Otway Ranges Environment Network



Print This Page

Greens candidates preference deals help
Otway native forest woodchipping industry.

About midway through the 2002 election campaign, the Greens political party forest spokesperson Marcus Ward became the spokesperson for a breakaway group of about a dozen Green candidates who refused to preference the ALP because of its forest policy.  

These Greens candidates, supported by The Wilderness Society (TWS), did not want to allocated preferences to the ALP; they justified this by arguing the protection of old growth forest in East Gippsland was more important than stopping logging in the forests along the Great Ocean Road.

TWS and the Australian Conservation Foundation(ACF) put out a press release on the 9 November with a headline promoting the Liberal forest policy. With the Greens candidates not allocating preferences in about a dozen seats, it was clear to OREN that TWS and the Greens were prepared to help the Liberal Party in the election if the ALP did not meet their much more extensive forest demands. This was despite Liberal Party's policy to clearfell log the Otways until at least the year 2020 under the West Regional Forest Agreement.

Geelong Advertiser
Sat 16 November 2002. Page 3.
Crucial preferences hinge on forest deal
Greens ultimatum
Wade Pearce and AAP


Greens environment spokesman and candidate for Macedon, Marcus Ward, said yesterday preferences from the Victorian state election would flow to Labor in at least 13 finely balanced seats outside the Geelong region provided the Government promised to protect old growth forests.

If Labor did not respond, the Greens would make no direction on preferences, he said.

Marcus Ward. Greens candidate 2002 Victorian State election.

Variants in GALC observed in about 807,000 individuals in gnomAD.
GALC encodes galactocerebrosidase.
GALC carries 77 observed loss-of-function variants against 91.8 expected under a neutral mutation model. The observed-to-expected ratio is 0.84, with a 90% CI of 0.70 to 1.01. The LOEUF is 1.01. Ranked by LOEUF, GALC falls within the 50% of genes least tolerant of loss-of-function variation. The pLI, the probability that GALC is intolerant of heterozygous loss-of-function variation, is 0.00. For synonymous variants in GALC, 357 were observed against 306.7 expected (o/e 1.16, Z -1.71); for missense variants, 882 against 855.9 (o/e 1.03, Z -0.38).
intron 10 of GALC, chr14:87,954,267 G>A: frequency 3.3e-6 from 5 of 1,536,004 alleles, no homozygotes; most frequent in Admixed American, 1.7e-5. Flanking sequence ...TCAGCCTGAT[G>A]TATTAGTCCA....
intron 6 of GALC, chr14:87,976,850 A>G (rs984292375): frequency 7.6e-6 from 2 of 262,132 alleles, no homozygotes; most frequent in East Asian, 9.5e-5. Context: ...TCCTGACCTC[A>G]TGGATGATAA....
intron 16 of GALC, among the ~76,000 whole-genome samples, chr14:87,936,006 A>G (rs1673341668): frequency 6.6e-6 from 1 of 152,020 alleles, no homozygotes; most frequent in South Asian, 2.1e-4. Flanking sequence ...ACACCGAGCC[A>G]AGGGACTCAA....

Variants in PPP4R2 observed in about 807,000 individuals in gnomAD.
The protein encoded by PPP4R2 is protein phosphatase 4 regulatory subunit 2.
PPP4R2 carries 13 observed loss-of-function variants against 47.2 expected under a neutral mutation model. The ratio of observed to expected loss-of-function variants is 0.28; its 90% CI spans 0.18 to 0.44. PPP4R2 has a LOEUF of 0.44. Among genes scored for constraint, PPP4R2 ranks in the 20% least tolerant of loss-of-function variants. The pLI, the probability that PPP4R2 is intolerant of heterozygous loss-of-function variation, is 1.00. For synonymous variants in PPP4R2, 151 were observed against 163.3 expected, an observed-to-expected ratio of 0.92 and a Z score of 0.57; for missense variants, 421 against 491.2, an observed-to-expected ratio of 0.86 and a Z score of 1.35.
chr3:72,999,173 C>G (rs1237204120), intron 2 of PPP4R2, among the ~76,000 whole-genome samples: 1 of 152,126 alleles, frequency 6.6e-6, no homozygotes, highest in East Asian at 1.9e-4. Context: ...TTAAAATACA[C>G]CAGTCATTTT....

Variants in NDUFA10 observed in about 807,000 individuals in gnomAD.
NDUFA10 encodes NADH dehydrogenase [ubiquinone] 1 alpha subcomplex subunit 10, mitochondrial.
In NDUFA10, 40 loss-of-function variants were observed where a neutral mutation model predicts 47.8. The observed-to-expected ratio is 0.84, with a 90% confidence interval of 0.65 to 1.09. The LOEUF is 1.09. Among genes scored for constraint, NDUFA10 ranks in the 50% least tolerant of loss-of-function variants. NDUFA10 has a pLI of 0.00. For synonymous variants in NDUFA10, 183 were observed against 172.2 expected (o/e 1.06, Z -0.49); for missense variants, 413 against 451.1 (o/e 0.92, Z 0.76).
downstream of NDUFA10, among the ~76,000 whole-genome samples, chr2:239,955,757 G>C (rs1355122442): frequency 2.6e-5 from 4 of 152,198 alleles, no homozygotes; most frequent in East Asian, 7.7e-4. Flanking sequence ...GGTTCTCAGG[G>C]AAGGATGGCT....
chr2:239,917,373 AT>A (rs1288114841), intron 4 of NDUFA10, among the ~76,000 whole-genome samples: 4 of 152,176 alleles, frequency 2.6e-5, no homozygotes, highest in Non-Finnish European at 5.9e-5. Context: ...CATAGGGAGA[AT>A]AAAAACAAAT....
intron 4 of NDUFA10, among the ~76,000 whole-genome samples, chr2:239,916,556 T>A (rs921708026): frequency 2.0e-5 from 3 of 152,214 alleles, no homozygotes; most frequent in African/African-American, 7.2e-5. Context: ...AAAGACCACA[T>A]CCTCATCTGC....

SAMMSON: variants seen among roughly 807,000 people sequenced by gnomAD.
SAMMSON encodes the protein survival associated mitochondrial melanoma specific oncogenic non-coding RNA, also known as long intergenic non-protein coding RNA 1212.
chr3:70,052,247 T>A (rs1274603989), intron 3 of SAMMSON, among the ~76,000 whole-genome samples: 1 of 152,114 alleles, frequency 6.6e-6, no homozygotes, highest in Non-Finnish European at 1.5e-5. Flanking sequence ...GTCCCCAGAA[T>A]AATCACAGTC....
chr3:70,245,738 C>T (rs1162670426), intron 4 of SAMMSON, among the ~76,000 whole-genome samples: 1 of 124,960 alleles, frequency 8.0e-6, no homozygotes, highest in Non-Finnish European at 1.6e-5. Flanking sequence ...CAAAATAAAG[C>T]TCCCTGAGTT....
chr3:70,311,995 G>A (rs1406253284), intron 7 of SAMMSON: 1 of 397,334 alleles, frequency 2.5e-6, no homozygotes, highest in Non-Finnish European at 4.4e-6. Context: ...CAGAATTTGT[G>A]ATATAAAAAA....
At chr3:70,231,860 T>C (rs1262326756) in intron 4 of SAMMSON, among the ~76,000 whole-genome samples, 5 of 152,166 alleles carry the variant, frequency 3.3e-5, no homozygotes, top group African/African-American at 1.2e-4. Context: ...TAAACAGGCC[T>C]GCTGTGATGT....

In backroom negotiations between The Wilderness Society, Australian Conservation Foundation and Premier Steve Bracks, the Premier offered to protect some East Gippsland old growth forest. However the Government's accepted definition of 'old growth' was not the same definition of 'old growth' demanded by these large conservation groups which would have included significantly more forest. Bracks eventually got frustrated with the conservation groups 'no compromise position' and refused to protect any more than Goolengook in East Gippsland which had already been announced.

Some Greens Party members became publicly unhappy with the lobbying by Marcus Ward and expressed public concern that withholding preferences in the pursuit of an 'all or nothing' outcome for old growth in East Gippsland could backfire and help the Liberal Party and Otway native forest logging industry.

Geelong Advertiser.
Sat 16 November 2002. Page 6.
Crucial preferences hinge on forest deal
Greens ultimatum
Wade Pearce and AAP

A POWER struggle has erupted within Geelong Greens over whether to preference Labor in the November 30 election.
Sources close to the Greens said there was concern a push to offer preferences to Labor on the condition the Government promised to protect old growth forests would backfire.
Geelong Greens secretary Bruce Murray said party members would meet on Monday to decide preferences in Geelong seats.